April 24, 2020
remote work

Friction-Free Experience vs. Secure Access: Lessons From the "Zoombombing" Fallout

Corey Williams – Idaptive
Corey Williams Vice President, Marketing

The controversy and fallout resulting from the widespread reporting of bad actors gaining access to Zoom meetings is just another example of the constant struggle faced by developers and designers of how to balance a friction-free experience and ensuring secure access and privacy.


In the last few weeks, everyone has become familiar with "Zoombombing" — when  uninvited guests show up in your Zoom video meetings with the sole intention of disrupting them, whether the purpose of the meeting is business, education or a virtual gathering of friends. There have been reports of hackers shouting angry and violent comments, and some sharing lewd videos and images. With the world struggling to adapt to a new reality — which, for many, involves working from home for an extended period for the first time in their professional lives - the last thing anyone needs are additional headaches piled on by malicious individuals simply because they can. 

The challenge stems from the fact that Zoom meetings have default settings geared toward user convenience and a frictionless experience — rather than security and privacy. Hackers are able to guess at Zoom URLs and gain access with minimal barriers in their way. There are security measures in place within Zoom, but they aren't enabled by default and most users aren't even aware they can do things such as setting a meeting password, click the box that doesn't allow anyone to enter before the host, or an option that places all new guests in a virtual waiting room before they are approved by the host. Additionally, with Zoom going from a primarily office-based system to a global social outlet practically overnight, these outcomes were exacerbated. 

Zoom CEO Eric Yuan immediately issued an apology and said the company was working fast to address the concerns. His choice of words in his response was particularly significant. While acknowledging that default security measures were overlooked, he also said Zoom's "intentions are good." It is worth noting that this isn't the company's first run-in with security problems — Zoom stirred up controversy with a macOS auto-installer that bypassed typical user interactions to make the install experience more seamless than most other software. These choices, and this “Zoombombing” situation highlights an issue that is a much bigger industry challenge, and has been for a long time.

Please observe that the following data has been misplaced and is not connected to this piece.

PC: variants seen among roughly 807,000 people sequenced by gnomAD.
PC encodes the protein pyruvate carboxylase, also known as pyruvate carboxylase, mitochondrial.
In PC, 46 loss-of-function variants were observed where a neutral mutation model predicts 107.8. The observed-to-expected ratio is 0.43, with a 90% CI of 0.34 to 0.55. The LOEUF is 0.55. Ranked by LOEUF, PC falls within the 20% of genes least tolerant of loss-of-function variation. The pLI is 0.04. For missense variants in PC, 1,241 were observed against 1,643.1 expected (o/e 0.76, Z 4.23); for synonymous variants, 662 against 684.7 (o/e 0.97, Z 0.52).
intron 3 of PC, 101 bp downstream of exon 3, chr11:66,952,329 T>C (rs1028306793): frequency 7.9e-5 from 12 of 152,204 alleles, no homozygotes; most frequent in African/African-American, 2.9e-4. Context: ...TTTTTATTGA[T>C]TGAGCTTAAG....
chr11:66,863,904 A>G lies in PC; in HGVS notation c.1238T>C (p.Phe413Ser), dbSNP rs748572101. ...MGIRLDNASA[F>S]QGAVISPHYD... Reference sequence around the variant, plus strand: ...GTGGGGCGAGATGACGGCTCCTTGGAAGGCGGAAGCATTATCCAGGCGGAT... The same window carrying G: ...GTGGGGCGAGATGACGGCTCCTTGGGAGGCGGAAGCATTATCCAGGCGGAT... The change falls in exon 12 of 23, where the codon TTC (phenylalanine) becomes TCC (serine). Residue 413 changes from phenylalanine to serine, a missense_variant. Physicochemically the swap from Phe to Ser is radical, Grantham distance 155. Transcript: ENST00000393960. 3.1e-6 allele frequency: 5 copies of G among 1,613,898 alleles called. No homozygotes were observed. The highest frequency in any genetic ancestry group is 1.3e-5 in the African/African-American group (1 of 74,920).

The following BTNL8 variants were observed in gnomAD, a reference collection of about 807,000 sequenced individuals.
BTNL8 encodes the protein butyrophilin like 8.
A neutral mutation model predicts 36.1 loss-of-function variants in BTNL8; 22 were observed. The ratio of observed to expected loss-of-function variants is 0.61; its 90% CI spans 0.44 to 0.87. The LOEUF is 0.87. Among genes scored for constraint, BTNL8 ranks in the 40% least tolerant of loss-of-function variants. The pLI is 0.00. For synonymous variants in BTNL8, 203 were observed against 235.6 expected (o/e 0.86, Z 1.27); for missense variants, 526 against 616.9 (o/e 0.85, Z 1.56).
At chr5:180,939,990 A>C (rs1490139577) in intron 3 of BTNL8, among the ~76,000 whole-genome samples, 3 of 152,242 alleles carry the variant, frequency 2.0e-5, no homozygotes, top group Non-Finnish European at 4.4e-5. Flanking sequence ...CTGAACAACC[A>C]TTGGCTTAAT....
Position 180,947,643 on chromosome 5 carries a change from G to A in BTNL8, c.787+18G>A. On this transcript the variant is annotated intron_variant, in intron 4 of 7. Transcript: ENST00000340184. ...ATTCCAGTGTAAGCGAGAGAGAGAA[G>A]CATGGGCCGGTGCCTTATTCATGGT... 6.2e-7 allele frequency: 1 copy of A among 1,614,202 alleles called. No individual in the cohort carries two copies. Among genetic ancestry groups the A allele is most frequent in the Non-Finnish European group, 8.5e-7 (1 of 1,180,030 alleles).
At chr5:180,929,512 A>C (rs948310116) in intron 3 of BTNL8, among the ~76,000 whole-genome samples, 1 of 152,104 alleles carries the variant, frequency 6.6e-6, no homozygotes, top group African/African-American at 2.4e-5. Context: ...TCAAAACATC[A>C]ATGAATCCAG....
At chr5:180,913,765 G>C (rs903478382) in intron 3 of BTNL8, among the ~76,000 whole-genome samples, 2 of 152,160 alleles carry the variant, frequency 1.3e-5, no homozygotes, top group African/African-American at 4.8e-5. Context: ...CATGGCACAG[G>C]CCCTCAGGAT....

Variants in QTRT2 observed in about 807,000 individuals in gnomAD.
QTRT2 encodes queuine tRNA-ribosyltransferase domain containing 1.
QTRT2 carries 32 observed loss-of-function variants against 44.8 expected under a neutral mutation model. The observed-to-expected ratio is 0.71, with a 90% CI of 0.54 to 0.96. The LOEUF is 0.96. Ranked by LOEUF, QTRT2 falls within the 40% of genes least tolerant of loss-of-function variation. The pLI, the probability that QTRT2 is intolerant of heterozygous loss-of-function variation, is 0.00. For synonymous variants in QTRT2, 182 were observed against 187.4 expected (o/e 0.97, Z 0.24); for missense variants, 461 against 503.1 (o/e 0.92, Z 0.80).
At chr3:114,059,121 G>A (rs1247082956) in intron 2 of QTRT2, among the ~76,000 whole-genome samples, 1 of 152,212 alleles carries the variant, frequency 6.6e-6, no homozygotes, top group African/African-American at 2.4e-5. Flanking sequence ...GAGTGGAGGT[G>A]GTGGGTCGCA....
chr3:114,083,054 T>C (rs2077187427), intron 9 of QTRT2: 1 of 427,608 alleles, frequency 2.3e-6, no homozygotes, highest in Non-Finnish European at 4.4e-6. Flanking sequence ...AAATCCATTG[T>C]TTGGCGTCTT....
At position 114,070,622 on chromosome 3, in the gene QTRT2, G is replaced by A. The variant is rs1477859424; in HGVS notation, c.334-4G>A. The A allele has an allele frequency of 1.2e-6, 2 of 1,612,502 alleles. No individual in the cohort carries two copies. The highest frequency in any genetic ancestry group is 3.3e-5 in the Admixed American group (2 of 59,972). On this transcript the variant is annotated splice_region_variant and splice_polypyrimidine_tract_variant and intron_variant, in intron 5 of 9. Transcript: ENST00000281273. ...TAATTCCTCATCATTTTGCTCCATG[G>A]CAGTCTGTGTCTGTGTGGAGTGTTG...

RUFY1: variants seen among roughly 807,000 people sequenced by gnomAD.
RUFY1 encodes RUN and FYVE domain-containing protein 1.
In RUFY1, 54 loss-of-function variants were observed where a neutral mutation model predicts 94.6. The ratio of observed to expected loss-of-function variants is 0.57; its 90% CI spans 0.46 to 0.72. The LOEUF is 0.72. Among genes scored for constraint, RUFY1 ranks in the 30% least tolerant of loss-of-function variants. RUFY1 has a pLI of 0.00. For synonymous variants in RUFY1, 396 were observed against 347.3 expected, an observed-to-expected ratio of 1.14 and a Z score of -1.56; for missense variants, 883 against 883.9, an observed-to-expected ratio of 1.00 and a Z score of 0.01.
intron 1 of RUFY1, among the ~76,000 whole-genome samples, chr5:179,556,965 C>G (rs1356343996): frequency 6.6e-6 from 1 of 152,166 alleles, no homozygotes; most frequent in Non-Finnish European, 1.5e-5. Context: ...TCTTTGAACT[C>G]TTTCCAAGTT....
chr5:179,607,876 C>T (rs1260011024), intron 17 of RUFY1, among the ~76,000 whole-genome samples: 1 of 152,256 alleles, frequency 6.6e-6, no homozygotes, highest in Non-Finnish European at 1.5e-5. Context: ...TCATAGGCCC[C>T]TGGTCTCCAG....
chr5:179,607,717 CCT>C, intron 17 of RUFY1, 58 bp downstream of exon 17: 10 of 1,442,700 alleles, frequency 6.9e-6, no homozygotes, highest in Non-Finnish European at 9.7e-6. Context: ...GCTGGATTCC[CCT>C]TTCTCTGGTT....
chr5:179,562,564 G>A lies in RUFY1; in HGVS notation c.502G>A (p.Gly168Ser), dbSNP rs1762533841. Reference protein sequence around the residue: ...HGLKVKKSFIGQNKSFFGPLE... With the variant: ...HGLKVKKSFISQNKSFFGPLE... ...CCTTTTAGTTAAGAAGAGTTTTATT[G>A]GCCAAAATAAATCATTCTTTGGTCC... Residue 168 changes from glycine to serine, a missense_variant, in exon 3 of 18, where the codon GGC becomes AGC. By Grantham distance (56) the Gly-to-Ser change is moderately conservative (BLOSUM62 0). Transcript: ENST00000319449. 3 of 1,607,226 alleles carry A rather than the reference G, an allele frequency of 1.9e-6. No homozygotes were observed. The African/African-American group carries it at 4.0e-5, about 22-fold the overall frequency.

UX vs. Security

Steve Jobs made Apple into the most valuable company in the world with the ability to surprise and delight customers. The goal of productivity applications like Zoom is to surprise and delight users with an unexpectedly seamless and easy end-user experience. Users flock to a convenient and frictionless user experience which in turn often leads to mass adoption. In the race to make things seamless for people, there is a constant tension between limiting "friction" -— how many steps it takes to gain access to an application — and enforcing security. It is interesting to note that Zoom was founded by Yuan and other former WebEx engineers with the express intention of creating a more user-friendly video conferencing experience. It wasn't that they weren't aware of the potential security issues, it was that they made a conscious choice to weigh things more heavily on the side of a great UX. 

So when Yuan says their "intentions are good" he's right. Zoom had good intentions to improve the user experience, but the results were going to be inevitably unbalanced. It wasn't that they were caught unaware during the "Zoombombing" phenomenon, it was just that the practice exploited the seams where Zoom opted for convenience and accessibility over stringent security and at a time when the platform was experiencing a surge in use among individuals rather than businesses. They are far from alone in this - in fact, it's a constant struggle for most interface design. Driving innovation sometimes means sacrificing either the user experience or security. Neither is a preferred choice, but it's a choice that must be made. 

Striking the Right Balance